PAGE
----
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In Memoriam

14th annual Transgender Day of Remembrance honors those lost to anti-transgender hatred

Tuesday, November 20, 2012
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Today is the 14th Annual Transgender Day of Remembrance, a solemn tribute to those who have lost their lives to anti-transgender hatred or prejudice, and a day to raise awareness of the constant threat of brutality faced by the transgender community.

The event is held in November to honor Rita Hester, whose murder on November 28, 1998, kicked off the “Remembering Our Dead” web project and a San Francisco candlelight vigil in 1999.

Rita Hester’s murder — like most anti-transgender murder cases — has yet to be solved. Although not every person represented during the Day of Remembrance self-identified as transgender — that is, as a transsexual, cross-dresser, or otherwise gender-variant — each was a victim of violence based on bias against transgender people.

Statistics on anti-transgender violence are startling. Twelve percent of reported hate crimes were against transgender people according to a 2008 report from the National Coalition of Anti-Violence Program (NCAVP).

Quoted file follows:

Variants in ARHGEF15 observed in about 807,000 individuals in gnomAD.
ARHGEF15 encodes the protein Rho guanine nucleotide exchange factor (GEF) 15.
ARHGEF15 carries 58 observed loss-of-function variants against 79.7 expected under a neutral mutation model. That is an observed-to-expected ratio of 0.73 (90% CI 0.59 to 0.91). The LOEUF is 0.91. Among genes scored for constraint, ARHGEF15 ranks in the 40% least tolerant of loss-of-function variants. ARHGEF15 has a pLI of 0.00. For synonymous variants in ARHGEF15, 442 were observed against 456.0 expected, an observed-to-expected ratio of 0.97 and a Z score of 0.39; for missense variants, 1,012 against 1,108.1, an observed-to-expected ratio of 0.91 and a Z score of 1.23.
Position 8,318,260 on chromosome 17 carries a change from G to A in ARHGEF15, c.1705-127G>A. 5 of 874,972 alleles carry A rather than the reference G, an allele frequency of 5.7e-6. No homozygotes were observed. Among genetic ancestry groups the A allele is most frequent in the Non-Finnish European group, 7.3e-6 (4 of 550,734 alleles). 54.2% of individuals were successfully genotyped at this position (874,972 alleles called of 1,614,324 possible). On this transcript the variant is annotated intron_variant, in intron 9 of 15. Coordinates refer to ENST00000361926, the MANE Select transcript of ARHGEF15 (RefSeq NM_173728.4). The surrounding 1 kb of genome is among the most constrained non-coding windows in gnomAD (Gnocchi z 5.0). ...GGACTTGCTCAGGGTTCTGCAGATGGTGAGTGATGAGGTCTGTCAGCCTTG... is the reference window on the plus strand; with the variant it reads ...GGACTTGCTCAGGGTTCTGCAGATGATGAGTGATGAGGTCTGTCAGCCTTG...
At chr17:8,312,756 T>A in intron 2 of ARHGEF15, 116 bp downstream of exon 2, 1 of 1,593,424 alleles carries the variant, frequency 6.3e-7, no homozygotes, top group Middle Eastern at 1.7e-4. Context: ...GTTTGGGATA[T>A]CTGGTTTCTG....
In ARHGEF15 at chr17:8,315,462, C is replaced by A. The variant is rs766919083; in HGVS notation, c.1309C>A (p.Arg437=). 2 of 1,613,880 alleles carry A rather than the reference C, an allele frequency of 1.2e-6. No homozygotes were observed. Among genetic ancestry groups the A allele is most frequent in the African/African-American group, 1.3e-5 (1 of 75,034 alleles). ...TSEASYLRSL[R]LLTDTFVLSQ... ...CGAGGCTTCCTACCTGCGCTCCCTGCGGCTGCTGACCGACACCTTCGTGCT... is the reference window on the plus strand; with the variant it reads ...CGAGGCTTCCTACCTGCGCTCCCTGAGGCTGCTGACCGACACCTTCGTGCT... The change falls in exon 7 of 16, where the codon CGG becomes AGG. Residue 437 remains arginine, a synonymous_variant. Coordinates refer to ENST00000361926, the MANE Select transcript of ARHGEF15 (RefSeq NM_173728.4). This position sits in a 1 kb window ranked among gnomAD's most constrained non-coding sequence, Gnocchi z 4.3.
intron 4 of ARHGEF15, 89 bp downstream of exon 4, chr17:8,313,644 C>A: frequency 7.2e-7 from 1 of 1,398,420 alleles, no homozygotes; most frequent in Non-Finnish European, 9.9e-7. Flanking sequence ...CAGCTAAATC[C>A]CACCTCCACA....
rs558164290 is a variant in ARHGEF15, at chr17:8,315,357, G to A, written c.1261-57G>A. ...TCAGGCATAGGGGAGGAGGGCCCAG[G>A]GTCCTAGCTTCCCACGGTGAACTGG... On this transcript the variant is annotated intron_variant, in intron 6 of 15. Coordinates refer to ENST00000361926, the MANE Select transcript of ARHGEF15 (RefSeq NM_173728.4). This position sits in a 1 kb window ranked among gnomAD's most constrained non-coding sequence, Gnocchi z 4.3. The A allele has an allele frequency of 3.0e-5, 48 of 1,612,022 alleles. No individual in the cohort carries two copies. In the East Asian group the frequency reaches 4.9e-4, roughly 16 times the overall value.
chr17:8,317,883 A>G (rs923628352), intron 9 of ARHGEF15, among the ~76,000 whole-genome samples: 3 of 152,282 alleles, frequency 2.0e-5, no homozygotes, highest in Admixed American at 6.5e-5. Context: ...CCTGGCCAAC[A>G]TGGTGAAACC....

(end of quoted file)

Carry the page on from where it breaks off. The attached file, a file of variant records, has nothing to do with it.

NCAVP also found that, in 2011, 40 percent of murders against the LGBT community were against transgender women, particularly women of color. Seventy-eight percent of transgender children in grades K-12 reported being harassed in school, 35 percent physically assaulted, and 12 percent sexually assaulted, according to a 2011 report from the National Center for Transgender Equality and the National Gay and Lesbian Task Force.

“Today we commemorate our transgender brothers and sisters we’ve lost, and stand in solidarity against hate-based violence,” said HRC President Chad Griffin.

“Transgender people face violence at unfathomable rates and we must keep all those affected by these crimes in our memory so that we can see an end to this brutality.”

Please follow this link for a list of memorial services taking place all over the world.

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